By Alleen Brown
By Maggie LaMaack
By CP Staff
By Jesse Marx
By Jesse Marx
By Maggie LaMaack
By Jake Rossen
Jerich's friendship with Johnson predates his career as a lobbyist. The two men were acquaintances at UMD during the '60s, and really got to know each other when they went out to Washington to testify against the BWCA 20 years ago. The two men were schooled in politics by the same mentors--former House Speaker Nick Coleman and Perpich--and socialized frequently in St. Paul and up on the Range. Those who know Jerich well maintain that he is a loyal friend with a heart of gold and has proven it with Johnson to the point of becoming somewhat indispensable in Dougie's life. For years, he has served as the senator's chauffeur, enabling his friend to rest his leg while traveling--and securing for himself a choice parking spot right outside the front entrance to the Capitol.
Significantly, Jerich also developed a close relationship with Irene. "When my mother died in 1990, Dougie's mother adopted me. I actually called her Mom," Jerich says. When Johnson worried about his mother being sick and alone when the Legislature was in session, Jerich would drive up to Cook, prepare her meals, and stay by her side. When Irene's health began to flag, Jerich drove her down to the Cities to see his own physician, who determined that she was being overmedicated. As a member of the Metropolitan Airports Commission, Jerich arranged to drive a car out on the runway and put Dougie on a plane home. And when Denesse and Dougie were married, Jerich and his wife Valerie (herself a powerful lobbyist, and now treasurer of Johnson's campaign) went with them on their honeymoon to Deadwood, S.D.
The strong friendship between lobbyist and legislator has always raised some eyebrows at the Capitol, but never more so than when Johnson announced his bid for the governorship. Johnson's repeated assertions that Jerich is reimbursed for every mile he drives him have not discouraged the whispers about conflicts of interest, a charge both men deny. "People say, 'Oh, you're friends with the tax chairman, you must have it good,'" says Jerich. "But you notice that Dougie does what he thinks is right. I've lobbied for tobacco, and yet Dougie has voted for every single tobacco tax increase." (After Johnson announced two months ago that he had asked a tobacco company foundation to donate $5,000 to a hospital in his district, Jerich severed his ties with R.J. Reynolds Tobacco Co., which had paid him $21,500 during the first half of this year.)
But what Jerich can't deny is that he has what amounts to a lobbyist's gold mine--immediate and unprecedented access to one of the most powerful men in the state. On a recent Saturday, Jerich and Johnson traded barbs about each other's weight and introduced each other to friends while staffing a campaign booth at the Game Fair hunting trade show in Anoka. At 5 p.m., Jerich backed his Suburban and its accompanying trailer up to the main entrance and loaded up the 4-wheel all-terrain vehicle Johnson uses to get around on the campaign trail. The two then drove to the Bunker Hills golf course, where they were greeted by Anoka County Commissioner Dan Erhart and taken by golf cart out to a banquet honoring volunteers for the Burnet Senior Classic.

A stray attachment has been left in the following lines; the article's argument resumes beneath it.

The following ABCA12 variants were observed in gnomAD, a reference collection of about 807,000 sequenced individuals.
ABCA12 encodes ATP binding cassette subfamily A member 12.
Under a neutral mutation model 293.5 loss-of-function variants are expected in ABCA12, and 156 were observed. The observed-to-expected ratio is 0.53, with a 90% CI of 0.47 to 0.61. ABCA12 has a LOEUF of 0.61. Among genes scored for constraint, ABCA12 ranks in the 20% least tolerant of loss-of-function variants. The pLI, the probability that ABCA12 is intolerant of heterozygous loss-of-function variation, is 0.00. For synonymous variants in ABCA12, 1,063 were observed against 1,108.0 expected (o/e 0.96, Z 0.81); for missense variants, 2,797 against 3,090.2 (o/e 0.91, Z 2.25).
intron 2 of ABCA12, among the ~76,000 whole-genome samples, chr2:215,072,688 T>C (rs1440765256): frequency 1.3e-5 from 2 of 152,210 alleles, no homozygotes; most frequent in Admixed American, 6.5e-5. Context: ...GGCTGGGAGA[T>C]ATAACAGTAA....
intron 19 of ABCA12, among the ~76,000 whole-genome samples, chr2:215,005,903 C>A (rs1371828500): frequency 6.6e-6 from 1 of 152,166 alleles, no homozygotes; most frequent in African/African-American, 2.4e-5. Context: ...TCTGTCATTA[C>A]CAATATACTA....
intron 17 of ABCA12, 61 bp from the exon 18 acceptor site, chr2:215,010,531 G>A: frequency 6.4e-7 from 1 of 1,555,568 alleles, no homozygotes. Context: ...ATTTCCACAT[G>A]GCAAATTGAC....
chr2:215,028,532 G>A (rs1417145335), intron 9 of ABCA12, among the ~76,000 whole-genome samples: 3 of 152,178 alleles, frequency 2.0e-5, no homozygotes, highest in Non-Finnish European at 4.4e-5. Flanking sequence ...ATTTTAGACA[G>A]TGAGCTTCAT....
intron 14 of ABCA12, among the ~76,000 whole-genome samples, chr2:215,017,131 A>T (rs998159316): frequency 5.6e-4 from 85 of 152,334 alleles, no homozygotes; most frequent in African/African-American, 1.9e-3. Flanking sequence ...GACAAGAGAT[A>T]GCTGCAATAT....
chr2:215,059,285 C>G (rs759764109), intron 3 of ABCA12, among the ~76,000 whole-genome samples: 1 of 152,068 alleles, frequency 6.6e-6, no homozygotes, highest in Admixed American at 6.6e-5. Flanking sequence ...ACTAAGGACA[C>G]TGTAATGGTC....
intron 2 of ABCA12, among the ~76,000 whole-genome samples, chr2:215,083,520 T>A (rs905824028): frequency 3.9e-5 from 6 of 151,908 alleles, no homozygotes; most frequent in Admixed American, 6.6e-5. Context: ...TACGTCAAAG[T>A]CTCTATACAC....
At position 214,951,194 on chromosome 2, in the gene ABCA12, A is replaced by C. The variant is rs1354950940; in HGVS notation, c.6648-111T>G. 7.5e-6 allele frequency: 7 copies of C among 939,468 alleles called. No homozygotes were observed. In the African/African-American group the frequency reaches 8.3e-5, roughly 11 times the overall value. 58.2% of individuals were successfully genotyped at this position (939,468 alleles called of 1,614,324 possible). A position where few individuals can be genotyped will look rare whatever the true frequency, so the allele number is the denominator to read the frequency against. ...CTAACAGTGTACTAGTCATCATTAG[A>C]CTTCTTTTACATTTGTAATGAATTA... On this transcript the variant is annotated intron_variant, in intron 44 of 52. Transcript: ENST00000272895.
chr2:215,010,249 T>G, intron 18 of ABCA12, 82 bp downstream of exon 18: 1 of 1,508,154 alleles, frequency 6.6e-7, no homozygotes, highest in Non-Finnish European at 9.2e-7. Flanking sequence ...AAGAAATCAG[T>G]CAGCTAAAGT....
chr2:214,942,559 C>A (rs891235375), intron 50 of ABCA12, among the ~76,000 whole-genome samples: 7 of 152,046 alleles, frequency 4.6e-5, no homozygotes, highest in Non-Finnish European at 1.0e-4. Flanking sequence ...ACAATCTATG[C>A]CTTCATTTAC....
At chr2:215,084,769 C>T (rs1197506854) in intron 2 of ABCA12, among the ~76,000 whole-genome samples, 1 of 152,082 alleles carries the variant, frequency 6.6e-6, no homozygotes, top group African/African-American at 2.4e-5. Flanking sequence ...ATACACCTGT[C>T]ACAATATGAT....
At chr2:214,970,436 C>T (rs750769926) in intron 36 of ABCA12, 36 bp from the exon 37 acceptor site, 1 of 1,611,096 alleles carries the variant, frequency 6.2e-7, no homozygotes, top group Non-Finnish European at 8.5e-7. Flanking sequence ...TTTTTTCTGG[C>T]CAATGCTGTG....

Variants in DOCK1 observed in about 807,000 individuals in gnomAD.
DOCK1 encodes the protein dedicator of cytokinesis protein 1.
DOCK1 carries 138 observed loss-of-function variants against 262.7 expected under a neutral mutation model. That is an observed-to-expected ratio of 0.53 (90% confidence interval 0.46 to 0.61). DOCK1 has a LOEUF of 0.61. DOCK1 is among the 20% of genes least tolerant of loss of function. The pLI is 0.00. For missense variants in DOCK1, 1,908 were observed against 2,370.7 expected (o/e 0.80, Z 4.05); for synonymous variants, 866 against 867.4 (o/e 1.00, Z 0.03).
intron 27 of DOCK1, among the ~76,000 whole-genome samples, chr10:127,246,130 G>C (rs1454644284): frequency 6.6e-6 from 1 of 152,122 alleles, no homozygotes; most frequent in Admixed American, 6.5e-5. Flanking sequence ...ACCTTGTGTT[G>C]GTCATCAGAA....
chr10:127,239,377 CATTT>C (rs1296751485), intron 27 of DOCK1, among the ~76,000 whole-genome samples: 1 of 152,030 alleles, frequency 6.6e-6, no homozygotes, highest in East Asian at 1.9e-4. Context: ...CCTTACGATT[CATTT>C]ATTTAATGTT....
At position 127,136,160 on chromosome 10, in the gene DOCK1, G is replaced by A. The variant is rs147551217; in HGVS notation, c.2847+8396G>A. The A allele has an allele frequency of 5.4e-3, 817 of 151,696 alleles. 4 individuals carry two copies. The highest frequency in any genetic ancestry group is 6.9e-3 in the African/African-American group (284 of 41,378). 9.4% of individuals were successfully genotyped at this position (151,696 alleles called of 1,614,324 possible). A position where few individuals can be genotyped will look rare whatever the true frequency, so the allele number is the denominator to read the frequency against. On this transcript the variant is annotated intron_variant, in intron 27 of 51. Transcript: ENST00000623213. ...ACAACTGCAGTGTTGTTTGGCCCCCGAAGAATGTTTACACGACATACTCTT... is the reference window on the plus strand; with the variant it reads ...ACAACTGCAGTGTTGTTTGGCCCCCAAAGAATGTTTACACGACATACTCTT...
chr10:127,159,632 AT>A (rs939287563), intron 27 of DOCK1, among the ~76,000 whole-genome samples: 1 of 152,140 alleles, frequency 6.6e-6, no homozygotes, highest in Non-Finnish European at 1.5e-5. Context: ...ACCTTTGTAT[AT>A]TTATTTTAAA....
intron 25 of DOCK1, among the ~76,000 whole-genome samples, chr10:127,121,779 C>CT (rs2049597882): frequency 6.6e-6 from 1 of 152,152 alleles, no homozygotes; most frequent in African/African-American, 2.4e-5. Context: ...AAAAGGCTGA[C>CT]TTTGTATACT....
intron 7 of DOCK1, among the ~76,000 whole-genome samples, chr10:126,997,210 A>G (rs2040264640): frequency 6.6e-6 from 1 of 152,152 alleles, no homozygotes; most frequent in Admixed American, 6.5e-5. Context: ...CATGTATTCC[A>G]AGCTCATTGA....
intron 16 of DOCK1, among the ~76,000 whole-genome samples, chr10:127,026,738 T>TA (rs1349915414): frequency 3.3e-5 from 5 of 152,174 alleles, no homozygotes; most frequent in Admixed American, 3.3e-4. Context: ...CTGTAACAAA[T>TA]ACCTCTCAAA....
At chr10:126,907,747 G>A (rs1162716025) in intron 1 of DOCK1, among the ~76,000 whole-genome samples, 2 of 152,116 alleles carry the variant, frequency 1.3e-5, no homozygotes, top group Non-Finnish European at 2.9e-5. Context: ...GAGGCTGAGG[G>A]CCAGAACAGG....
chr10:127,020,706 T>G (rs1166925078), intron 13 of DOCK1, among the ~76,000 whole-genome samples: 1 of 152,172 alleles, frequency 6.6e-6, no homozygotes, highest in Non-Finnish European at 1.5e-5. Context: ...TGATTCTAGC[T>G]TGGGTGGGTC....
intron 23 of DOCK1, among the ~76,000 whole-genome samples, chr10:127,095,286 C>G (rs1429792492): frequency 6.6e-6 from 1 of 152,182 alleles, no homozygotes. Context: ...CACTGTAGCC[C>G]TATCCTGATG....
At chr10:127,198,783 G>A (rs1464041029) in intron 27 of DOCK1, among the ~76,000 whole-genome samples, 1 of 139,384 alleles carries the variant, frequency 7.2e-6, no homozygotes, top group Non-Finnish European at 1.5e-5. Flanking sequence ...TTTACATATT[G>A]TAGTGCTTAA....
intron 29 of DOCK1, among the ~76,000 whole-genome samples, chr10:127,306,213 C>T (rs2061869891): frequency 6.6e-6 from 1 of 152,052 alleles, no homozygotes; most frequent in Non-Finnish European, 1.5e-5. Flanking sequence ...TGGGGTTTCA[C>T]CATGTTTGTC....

"Doug was very influential in helping us get the sales-tax exemption for charitable sporting events that was crucial to the existence of this tournament," Erhart explains. "We worked hard at the Legislature and talked to a lot of heavy-hitter lobbyists who said it couldn't be done. Then we got a hold of Ronnie here," he says, motioning toward Jerich. "That was on a Friday. By Monday it was a done deal."
"Dougie didn't even know anything about it," Jerich says of the sales-tax exemption. "Once he heard about it"--meaning once Jerich told him--"of course he was receptive; this is a great thing that enables thousands and thousands of dollars to go for cancer research. And it has helped other sports events give money to charity all around the state. I was happy to help out. And I didn't charge anybody one dime for it."
But a favor had been done, and now it was to be repaid. Midway through the dinner, the tournament's director grabbed the microphone, introduced the candidate to more than 1,000 potential voters, and said that without Johnson's exempting hundreds of thousands of dollars of sales-tax payments, their golf tournament could not have become "the number-one charity event in the state of Minnesota."
Asked about his relationship with Jerich, Johnson acknowledges: "That is a deal where I've had to walk that fine line. Every candidate for governor has lobbyists who are their friends; you don't serve for 20 or 30 years and hate everybody. But the difference with Ron and me is that we are such good friends.
"I know that my opponents in this race are murmuring because he is so visible. But, hey, here's the guy that when no one else was taking care of my mother--when she got sick, had serious medical problems, and we were in Duluth, he came up and hauled her down to Mercy Hospital. No one else would have done that. I am very, very careful to make sure there are no conflicts of interest; watching the campaign-finance laws and the gift ban, I am very careful on that. But I won't stop being his friend, or forget what he's done."